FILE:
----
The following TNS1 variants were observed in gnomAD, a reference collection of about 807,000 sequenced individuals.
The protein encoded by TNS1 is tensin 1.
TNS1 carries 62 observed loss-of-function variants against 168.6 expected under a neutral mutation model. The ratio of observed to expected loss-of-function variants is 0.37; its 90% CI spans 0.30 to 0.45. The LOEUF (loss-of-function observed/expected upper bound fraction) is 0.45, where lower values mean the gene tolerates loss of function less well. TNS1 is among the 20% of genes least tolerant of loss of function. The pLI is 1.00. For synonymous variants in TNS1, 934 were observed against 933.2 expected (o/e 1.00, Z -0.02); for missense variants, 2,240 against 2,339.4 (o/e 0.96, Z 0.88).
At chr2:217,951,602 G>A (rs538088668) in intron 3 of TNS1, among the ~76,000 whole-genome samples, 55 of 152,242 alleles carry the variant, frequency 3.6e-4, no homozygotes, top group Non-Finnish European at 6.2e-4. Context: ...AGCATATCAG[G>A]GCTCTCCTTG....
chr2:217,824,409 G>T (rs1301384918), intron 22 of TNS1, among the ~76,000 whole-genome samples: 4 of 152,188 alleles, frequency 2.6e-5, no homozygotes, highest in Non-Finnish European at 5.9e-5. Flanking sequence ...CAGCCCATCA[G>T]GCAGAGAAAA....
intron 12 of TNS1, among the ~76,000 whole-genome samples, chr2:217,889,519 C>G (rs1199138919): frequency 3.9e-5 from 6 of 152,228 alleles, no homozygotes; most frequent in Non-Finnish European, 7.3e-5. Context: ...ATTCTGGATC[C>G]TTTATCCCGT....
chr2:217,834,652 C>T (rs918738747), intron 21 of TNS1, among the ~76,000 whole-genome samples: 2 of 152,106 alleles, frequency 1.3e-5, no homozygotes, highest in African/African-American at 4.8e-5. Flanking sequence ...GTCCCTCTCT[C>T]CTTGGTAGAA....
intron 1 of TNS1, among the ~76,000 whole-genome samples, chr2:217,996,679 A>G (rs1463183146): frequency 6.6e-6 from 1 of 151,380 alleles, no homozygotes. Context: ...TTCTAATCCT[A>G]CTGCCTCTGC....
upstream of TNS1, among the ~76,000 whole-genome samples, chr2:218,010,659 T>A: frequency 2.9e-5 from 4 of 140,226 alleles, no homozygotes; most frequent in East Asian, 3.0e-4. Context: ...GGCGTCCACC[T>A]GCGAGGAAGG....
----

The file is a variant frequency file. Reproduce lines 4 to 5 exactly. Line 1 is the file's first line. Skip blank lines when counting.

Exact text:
At chr2:217,951,602 G>A (rs538088668) in intron 3 of TNS1, among the ~76,000 whole-genome samples, 55 of 152,242 alleles carry the variant, frequency 3.6e-4, no homozygotes, top group Non-Finnish European at 6.2e-4. Context: ...AGCATATCAG[G>A]GCTCTCCTTG....
chr2:217,824,409 G>T (rs1301384918), intron 22 of TNS1, among the ~76,000 whole-genome samples: 4 of 152,188 alleles, frequency 2.6e-5, no homozygotes, highest in Non-Finnish European at 5.9e-5. Flanking sequence ...CAGCCCATCA[G>T]GCAGAGAAAA....